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Museum Ostwall in the Dortmunder U

The Museum Ostwall displays art from the twentieth century. It was opened in 1949 as the first new museum to be founded in the only recently established Federal Republic of Germany. In 2010, the museum was moved to the Dortmunder U.

The Metropolis Ruhr is tasked with constantly reinventing itself. Art and culture help to define a location. This is a task to which the Museum Ostwall has dedicated itself. A task which began with museum founder Leonie Reygers. A key element of her design was to exhibit art and culture in an accessible place which was inviting and open to all citizens. For this reason, she had amateur art and museum-based educational work with children particularly at heart when designing the museum, an approach which earned her the Federal Cross of Merit.

In accordance with this attitude, as of 2019, the Museum Ostwall's permanent exhibition can be visited for free.


The creative Idea

The Museum Ostwall itself can be found on the fourth and fifth floors of the Dortmunder U. The area for temporary exhibitions is located on the sixth floor. The fourth floor is primarily focussed on works from the Fluxus movement. When it comes to this avant-garde artistic movement from the 1960s, the Museum Ostwall is considered the first port of call within the Metropolis Ruhr. Fluxus celebrates the creative idea in itself – an intentional affront to the elitist understanding of art widespread in bourgeois circles. In the permanent exhibition, visitors can discover works from artists such as Joseph Beuys, Allan Kaprow, Milan Knízák, Alison Knowles, Dieter Roth, Daniel Spoerri and Wolf Vostell, among others.

In this museum, it is recommended that visitors let themselves be led on a journey which takes them back through time, starting with the Fluxus movement. A journey which continues with Nouveau réalisme, the Informel and ZERO, and leads all the way back to Classic Modernism.


The Highlight: Classic Modernism

When the museum was founded, the collection mainly focussed on the field of Classic Modernism. It displayed that which the Nazis had considered "degenerate" art. This section of the Museum Ostwall is still a highlight of the museum. It houses Germany's second-largest collection of works by painter Alexej von Jawlensky, a collection which is surpassed only by that of the Museum Wiesbaden.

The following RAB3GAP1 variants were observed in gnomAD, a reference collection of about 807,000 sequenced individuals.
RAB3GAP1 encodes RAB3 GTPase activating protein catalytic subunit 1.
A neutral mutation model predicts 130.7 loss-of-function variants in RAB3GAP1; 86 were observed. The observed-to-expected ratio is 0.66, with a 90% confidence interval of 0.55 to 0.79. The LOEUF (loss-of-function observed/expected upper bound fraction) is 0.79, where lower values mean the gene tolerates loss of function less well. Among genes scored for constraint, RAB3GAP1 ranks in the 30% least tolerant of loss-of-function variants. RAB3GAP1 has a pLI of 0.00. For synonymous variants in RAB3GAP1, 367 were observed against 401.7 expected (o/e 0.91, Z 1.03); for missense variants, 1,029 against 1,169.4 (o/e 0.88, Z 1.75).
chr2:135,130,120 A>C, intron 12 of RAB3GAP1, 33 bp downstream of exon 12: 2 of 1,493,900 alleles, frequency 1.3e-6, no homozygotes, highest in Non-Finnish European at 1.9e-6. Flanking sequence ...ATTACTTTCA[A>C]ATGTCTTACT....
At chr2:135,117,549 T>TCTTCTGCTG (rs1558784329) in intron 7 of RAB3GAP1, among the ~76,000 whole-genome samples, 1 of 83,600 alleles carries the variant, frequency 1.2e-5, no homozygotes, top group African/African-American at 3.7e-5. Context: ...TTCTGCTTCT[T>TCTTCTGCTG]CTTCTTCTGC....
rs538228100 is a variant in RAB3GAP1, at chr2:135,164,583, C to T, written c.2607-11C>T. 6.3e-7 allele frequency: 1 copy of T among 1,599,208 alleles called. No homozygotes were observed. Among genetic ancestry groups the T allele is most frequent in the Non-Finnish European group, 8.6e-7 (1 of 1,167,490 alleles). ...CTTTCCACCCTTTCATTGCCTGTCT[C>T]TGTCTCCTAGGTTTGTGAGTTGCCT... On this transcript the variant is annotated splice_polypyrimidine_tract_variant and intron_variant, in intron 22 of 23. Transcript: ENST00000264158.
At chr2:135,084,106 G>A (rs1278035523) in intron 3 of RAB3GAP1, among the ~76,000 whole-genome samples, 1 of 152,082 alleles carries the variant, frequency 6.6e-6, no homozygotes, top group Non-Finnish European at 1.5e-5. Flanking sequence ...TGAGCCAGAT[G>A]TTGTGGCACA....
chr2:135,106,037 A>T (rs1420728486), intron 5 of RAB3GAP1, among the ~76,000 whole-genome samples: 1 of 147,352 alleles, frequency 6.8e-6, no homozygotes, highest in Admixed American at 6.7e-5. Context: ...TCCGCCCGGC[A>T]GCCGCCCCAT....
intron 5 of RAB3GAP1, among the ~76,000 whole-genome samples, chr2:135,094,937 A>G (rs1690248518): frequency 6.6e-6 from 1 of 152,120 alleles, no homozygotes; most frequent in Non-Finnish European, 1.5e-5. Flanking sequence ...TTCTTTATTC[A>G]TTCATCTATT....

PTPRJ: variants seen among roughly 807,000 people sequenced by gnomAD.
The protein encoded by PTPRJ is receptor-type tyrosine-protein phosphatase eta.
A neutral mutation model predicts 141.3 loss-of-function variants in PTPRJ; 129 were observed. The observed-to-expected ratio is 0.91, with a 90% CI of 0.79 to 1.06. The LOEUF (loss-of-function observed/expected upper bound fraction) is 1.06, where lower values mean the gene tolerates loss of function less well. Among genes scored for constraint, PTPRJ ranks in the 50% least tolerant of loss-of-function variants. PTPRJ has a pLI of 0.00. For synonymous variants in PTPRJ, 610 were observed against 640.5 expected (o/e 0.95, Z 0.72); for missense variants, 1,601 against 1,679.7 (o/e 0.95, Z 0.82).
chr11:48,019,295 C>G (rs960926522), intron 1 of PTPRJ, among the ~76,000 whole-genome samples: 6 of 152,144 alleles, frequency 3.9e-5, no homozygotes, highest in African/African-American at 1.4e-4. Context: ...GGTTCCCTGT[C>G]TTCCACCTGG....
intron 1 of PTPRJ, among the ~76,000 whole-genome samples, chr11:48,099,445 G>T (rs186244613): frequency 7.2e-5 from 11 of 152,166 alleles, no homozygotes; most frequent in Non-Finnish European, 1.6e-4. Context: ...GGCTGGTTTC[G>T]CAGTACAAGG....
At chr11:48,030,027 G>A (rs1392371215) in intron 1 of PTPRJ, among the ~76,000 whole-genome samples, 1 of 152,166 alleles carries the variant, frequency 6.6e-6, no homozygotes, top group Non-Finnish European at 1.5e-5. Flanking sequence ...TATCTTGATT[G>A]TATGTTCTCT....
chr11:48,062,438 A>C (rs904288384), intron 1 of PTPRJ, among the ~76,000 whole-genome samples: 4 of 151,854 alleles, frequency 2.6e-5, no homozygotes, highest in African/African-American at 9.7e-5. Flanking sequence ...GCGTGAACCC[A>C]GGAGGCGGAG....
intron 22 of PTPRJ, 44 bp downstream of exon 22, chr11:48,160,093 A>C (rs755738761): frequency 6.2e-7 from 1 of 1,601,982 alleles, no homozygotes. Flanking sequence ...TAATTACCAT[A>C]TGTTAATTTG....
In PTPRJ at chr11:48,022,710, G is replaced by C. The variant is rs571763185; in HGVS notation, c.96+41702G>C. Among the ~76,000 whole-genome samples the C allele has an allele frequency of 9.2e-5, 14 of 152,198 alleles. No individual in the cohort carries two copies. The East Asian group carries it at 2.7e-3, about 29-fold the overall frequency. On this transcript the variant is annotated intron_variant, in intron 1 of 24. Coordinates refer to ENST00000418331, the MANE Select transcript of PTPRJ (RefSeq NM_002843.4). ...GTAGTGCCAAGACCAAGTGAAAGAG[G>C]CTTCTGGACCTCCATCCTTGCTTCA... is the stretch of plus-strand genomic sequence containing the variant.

In the Museum Ostwall, the "Brücke" artists' association is represented in the form of artists such as Ernst Ludwig Kirchner, Otto Mueller, Emil Nolde and Karl Schmidt-Rottluff. The "Blauer Reiter" group is also represented here, with works from Wassily Kandinsky, Franz Marc and August Macke displayed next to Alexej von Jawlensky, mentioned above.


Keeping up with the times

The acquisitions and exhibitions made by the museum in past years are signs of a museum which is able to keep up with the times – and which has a keen sense for groundbreaking photo, video and sound works. This becomes particularly clear in their "shop window" and "loudspeaker" formats, which are used exclusively to present contemporary artists.


The common theme

Museum founder Leonie Reygers' philosophy is a common theme which can be found throughout the Dortmunder U. This starts in the KunstAktionsRaum and the exhibition of integrated action points, where visitors to the Museum Ostwall are invited to express their own creativity, and carries through to initiatives which have only just now been made possible through the museum's relocation to the Dortmunder U. For example, those wandering through the building can find workshops and media laboratories on the second floor (UZWEI – Kulturelle Bildung) which are aimed at all ages. These set-ups enable playful, interactive discourses on all genres of art and are designed to be as widely accessible as possible.

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